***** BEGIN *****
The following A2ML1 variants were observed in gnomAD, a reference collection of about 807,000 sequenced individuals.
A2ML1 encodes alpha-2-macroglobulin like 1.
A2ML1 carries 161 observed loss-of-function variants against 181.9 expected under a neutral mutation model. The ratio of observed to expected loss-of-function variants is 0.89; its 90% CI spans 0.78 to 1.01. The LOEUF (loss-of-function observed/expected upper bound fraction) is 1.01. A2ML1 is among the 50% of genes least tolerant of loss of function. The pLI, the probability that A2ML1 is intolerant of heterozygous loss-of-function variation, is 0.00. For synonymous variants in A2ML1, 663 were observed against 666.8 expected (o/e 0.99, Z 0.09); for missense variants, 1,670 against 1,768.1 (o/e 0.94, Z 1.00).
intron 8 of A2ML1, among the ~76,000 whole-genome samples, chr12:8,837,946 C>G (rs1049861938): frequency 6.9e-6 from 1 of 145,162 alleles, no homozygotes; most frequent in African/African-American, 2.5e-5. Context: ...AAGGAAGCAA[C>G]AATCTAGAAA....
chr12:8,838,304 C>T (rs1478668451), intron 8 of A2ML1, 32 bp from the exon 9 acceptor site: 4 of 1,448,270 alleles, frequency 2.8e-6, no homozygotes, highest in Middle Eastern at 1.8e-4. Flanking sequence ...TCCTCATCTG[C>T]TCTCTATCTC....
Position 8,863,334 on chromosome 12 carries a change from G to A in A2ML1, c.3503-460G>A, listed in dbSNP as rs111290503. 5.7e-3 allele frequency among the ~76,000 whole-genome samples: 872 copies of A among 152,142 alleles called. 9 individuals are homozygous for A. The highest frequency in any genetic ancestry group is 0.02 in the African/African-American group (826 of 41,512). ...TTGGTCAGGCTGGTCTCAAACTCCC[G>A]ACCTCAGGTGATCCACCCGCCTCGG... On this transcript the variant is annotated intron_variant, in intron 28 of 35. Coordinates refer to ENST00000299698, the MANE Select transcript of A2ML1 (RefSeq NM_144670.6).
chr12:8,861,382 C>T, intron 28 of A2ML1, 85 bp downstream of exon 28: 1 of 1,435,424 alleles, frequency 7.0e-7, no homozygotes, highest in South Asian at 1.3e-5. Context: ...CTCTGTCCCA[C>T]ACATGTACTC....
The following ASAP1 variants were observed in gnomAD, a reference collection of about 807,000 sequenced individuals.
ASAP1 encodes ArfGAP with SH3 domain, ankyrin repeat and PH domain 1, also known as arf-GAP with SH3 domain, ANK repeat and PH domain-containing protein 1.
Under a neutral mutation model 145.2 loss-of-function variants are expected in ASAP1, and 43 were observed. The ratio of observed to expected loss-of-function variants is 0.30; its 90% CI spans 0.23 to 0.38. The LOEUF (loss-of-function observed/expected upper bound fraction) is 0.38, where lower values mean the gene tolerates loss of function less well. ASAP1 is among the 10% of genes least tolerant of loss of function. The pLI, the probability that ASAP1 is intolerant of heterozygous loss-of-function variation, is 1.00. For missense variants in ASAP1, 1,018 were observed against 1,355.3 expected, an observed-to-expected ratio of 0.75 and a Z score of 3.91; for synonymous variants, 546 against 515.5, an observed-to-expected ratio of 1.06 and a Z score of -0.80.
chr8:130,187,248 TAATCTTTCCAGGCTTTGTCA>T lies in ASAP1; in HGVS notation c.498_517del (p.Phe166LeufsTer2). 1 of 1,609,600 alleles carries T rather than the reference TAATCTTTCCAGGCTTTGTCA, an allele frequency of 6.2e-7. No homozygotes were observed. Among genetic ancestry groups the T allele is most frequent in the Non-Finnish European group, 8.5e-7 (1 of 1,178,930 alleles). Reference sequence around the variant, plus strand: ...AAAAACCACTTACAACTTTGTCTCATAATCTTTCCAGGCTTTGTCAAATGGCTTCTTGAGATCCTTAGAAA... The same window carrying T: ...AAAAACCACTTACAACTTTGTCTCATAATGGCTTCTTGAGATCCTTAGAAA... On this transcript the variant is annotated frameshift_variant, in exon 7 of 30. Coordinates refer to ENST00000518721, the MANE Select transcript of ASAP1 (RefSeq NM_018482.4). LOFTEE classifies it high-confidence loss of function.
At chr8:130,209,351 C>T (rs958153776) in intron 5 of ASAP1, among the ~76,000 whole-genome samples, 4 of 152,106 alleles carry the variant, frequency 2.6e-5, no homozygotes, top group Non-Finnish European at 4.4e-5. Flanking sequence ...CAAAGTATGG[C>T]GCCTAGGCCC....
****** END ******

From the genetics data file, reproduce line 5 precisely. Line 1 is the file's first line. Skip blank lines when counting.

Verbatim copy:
chr12:8,838,304 C>T (rs1478668451), intron 8 of A2ML1, 32 bp from the exon 9 acceptor site: 4 of 1,448,270 alleles, frequency 2.8e-6, no homozygotes, highest in Middle Eastern at 1.8e-4. Flanking sequence ...TCCTCATCTG[C>T]TCTCTATCTC....